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Obligatory “It’s been too long” Post

Obvious title is obvious. Well now that’s out of the way, let’s get to the actual blogging.

I just finished The Briar King by Greg Keyes last night, and I haven’t been this disappointed or bored with a book in a long time. But there’s something to be said for sticking with less-than-stellar books, especially if you’re a writer. Sometimes I think it’s just as valuable to learn what not to do.

(Before I begin, I want to say that Keyes is probably a fine writer. I haven’t read any of his other books, but considering his bibliography I’m betting he has skills. The Briar King just wasn’t too my liking. But this isn’t a knee-jerk reaction and I’ll explain why)

First of all Keyes does a great job of worldbuilding in this novel. The depth he put into developing the different countries, peoples, dialects (especially dialects) is pretty remarkable. There were two problems that ended up squandering all of this worldbuilding potential though. One: the map included in my mass market paperback was so damn tiny I couldn’t read any of the words, so I had no idea where any of the places were in relation to each other. Two: nothing really interesting happens to capitalize on all this awesome development.

I get that The Briar King is part of a series so not everything is going to be resolved at the end, but there’s a limit to how much slack I’m willing to cut it. Almost nothing gets explained and the characters barely grow (and that is definitely me being generous). The chivalrous knight continues to be a noble knight. The monk trying to unravel an ancient conspiracy is still in the dark. The grumpy old guy is slightly less grumpy, but still about the same. Every character feels like they were taken from a barrel of stock epic fantasy characters. And the love interest for the grumpy old guy–she kind of just gets thrown in there and next thing I know they’re confessing their love to each other with barely any set up or even mention of her.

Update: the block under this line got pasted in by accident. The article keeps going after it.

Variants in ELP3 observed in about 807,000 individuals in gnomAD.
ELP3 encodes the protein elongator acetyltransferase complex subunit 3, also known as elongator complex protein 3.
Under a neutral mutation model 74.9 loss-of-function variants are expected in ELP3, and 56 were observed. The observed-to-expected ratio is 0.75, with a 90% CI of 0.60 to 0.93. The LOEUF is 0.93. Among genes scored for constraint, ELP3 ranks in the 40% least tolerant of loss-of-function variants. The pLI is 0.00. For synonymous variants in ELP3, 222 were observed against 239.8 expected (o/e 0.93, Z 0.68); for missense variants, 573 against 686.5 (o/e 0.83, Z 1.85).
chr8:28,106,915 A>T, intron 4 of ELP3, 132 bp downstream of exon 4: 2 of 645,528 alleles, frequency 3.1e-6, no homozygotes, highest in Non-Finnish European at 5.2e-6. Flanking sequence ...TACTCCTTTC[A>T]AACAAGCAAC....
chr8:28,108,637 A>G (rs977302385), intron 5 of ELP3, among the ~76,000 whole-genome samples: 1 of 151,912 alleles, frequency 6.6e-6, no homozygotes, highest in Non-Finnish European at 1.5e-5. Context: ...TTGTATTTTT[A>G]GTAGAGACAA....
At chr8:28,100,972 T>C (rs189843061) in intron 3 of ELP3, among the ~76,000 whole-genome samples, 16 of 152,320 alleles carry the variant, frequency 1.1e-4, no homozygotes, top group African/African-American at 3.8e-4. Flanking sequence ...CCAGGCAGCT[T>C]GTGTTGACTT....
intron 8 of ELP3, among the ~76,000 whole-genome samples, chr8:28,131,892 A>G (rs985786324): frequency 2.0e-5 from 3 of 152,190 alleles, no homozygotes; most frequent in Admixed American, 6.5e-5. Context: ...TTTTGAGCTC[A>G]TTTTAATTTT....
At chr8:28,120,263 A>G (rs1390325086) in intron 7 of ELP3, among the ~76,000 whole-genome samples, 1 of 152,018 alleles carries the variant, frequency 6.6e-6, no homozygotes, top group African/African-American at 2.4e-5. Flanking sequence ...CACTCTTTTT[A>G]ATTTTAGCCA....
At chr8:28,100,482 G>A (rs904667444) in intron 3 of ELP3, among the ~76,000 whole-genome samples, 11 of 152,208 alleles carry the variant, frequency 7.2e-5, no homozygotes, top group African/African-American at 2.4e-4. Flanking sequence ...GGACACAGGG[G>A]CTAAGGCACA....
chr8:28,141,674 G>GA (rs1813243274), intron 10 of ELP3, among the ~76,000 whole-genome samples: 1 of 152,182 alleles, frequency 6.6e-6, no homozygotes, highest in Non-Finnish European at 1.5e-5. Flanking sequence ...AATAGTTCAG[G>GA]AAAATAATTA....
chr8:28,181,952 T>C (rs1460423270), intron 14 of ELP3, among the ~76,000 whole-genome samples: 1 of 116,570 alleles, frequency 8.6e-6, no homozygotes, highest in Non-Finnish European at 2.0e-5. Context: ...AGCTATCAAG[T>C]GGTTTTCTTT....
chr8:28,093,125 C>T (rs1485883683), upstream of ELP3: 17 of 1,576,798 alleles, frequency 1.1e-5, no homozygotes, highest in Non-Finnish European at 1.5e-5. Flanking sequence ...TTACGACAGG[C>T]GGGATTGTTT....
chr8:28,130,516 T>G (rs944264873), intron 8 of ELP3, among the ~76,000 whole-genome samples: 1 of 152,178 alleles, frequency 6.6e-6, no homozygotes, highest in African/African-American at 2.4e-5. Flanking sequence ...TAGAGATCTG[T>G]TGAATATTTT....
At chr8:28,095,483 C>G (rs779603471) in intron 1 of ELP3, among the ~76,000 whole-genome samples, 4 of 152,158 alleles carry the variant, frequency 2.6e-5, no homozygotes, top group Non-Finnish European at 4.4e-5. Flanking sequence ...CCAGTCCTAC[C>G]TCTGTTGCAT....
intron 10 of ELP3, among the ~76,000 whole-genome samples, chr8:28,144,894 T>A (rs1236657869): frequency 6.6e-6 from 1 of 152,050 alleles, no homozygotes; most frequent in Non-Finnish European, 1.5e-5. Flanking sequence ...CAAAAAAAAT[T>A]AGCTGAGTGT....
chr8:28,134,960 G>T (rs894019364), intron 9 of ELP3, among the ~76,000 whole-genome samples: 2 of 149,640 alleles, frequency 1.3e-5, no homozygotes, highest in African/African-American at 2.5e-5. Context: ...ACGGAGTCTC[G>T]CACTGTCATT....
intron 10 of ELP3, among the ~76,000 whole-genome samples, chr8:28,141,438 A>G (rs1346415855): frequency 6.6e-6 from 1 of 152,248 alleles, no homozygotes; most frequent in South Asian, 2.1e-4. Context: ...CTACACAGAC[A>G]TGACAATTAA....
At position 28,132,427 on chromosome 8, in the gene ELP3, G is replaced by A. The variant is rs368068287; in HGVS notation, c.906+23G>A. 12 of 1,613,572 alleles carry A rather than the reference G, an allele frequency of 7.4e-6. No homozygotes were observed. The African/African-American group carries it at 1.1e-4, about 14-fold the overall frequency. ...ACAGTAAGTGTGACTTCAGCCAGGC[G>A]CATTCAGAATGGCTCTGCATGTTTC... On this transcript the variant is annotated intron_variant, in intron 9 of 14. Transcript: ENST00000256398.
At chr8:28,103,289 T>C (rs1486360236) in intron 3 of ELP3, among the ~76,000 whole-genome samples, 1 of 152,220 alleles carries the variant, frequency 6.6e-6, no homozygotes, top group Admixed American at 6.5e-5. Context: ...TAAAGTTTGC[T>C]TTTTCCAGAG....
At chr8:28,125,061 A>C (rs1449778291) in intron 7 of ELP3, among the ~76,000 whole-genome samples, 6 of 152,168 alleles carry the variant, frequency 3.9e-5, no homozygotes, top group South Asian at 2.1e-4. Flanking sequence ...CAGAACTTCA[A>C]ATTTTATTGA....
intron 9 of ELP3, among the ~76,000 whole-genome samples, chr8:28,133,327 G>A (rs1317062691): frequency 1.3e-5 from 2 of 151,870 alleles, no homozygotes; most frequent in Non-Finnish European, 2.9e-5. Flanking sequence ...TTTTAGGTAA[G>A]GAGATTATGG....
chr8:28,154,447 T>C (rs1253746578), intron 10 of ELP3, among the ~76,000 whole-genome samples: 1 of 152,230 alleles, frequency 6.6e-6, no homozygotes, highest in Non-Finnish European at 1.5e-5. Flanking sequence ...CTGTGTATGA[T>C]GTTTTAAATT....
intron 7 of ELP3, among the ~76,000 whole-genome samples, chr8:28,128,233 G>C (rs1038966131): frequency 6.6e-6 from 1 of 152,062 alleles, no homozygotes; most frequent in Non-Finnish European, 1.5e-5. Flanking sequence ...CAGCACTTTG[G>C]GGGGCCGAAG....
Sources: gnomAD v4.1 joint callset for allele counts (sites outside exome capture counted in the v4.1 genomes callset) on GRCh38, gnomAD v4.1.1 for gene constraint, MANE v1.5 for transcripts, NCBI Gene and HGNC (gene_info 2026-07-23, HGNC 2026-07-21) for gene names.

It’s strange, the book is filled with action and bloody, gruesome fights, but I can’t remember a time where so much action left me so bored. I couldn’t care about the characters, their motivations were shallow and one dimensional, and the world-ending threat was still as vague as ever by the end. I was happy to put the book down and move on.

For me The Briar King is a great reminder that even if you’re writing a series, you still have to give your readers something. Star Wars: A New Hope was written more as a stand-alone so things wrap up nicely, but even Empire Strikes Back, which was clearly designed with a sequel in mind, resolves enough plot lines to give the audience some sense of resolution despite creating even bigger questions: will Luke take Vader up on his offer later on? Will Han get unfrozen and rescued from Jabba the Hutt? What will happen to the Rebels after they got their asses handed to them down on Hoth?

The Briar King ends with all questions, and one particularly damning one: why should I care? As a writer you have to constantly ask yourself: what are the stakes here for each character? Why should the reader care if the princess gets rescued or not? Why is it so necessary to stop the bad guy from taking over the kingdom? If the writer has done their job properly the reader will know why the bad buy needs to be stopped from taking over the kingdom–because he’ll outlaw dancing in the kingdom and the people need dancing to appease the rain gods, of course.

So sadly I’ll end The Kingdoms of Thorn and Bone with this question and answer: do I care enough to keep reading? No, I don’t.